Where to Buy Solar Panels

If you're deciding where to buy solar panels then you really only have two main options, online or locally. But what's the differences and how will each method affect your investment?

First we need to establish what you’re hoping to achieve.

  1. Do you just want to put up some panels as cheaply as possible without worrying about solar panel rebates, grants or incentives?

  2. Or, as is the case with the majority of people I work with, do you want to maximise your investment by claiming an additional tax free income for the electricity you produce through the FiT (Feed in Tariff) or NIROC's (N. Ireland Renewable Obligation Certificates) schemes? 

Some terminology to understand before we start:

I'll be referring to these later on so it's worth understanding them if you don't already.

  • kWp – Kilowatt peak – This is a theoretical maximum output for your solar panels that’s quoted by the manufacturers.

  • kWh – kilowatt hours – This is the actual output of your panels. Typically around 80% of the kWp figure (if south facing at 30-40º and with no shading).

  • MCS – Micro-Generation Certification Scheme – This is an international quality assurance scheme. If you want to take advantage of the governments financial incentives you must buy MCS accredited panels and have them fitted by an MCS accredited firm.
Where to buy solar panels

Where to buy solar panels if you just want your panels as cheaply as possible:

If you’re just after cheap panels and aren’t worried about the government’s solar panel rebates then online will likely be the cheapest option.

The majority of your local dedicated solar panel suppliers will be more expensive as they’re likely to come under the Micro-Generation Certification Scheme (MCS).

Meaning they’ve spent significant amounts of money putting their staff through various training courses and have been approved by the government to install panels that are eligible for the government incentives.

For this reason they’ll have greater overheads and expenses so they’ll likely be more expensive for solar panels than say the large DIY stores and smaller online sellers etc.

What to look out for:

If you’re buying either online and getting a local electrician to fit them for you, you’ll need to ask a few questions of yourself and your supplier.

Will the panels provide enough power for what you want? Solar panels are rated in watts for example a 5 x 200 watt array of panels would be rated at 1kWp.

However, in the real world you can expect to get around 80% of that output (if you have a south facing roof at ideal elevation and no shading). So your 1kWp panels would produce around 0.8kWh if optimally sited.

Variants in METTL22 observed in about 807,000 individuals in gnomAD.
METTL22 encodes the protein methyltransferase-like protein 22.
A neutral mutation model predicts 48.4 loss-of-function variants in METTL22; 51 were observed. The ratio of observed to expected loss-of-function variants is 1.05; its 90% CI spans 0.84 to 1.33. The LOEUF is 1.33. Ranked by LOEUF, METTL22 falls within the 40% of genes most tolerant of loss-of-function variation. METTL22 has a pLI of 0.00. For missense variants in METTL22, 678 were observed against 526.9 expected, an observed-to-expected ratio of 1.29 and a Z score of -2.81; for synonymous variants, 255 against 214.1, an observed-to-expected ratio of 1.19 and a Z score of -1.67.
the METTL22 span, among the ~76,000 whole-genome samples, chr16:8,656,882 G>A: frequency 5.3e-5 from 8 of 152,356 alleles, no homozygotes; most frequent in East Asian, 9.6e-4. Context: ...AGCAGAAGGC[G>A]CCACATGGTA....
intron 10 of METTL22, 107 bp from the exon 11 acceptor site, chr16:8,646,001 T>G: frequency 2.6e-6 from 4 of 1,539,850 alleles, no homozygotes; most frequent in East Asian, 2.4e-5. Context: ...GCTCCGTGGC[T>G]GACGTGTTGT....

Your panels will produce less electricity the further from optimum they're located. See these articles on orientation and suitability for PV panels.

A typical household in the UK uses around 4.5kWh so make sure your chosen panels are up to the job you want them for.

Also don’t forget you’ll need to buy an inverter and various other ancillaries in order to make the system work and you'll have to pay to have them installed.

Where to buy solar panels if you want to maximise your investment:

If you want to take advantage of the solar panel incentives available then your options for where to buy your panels has just reduced. The reason for this is there are very particular requirements for partaking in the FiT or NIROC schemes.

The main one is that your panels need to be supplied by and installed by an MCS certified company in order to be eligible to claim FiT’s or NIROCs.

So, you’re now restricted to local solar panel companies. But don’t be discouraged, you’ll still have lots of choice. My advice would be to get at least 3 quotes and ask as many questions as you can. Then sit down with a cup of tea and compare them to see which is best for your situation.

Although it all sounds very straightforward, unfortunately it’s not always the case. You’ll likely end up trying to compare 200 watt panels with 250 watt panels and panels that are different sizes. Not to mention different makes of inverters, with different guarantee periods etc.

You may have to decide on a harvester system or micro-inverters if your roof is subject to shading or if you have to split your solar panels over two roof surfaces.

Sorry, I don’t mean to stress you out, but when trying to decide where to buy solar panels these are all things that WILL come up.

So you’re better to know about them before the solar companies come to talk to you, as that way you can be prepared.

Summary:

As you can see, where you buy your solar panels from will be directed by what you want your panels for. If you just want one or two small panels for a specific project and don’t need to generate large amounts of electricity then an online supplier or large DIY store may be your best option.

However, if you want to generate a significant portion of your electrical requirements for your home or business and take advantage of the government’s solar panel incentives then you’ll have to go down the local MCS accredited supplier route.

Before you go down either route, make sure you know as much as you can about how solar panels work, what happens if your roof isn’t south facing or you have to split your panel array over two roof surfaces etc.


› Where to Buy Solar Panels.

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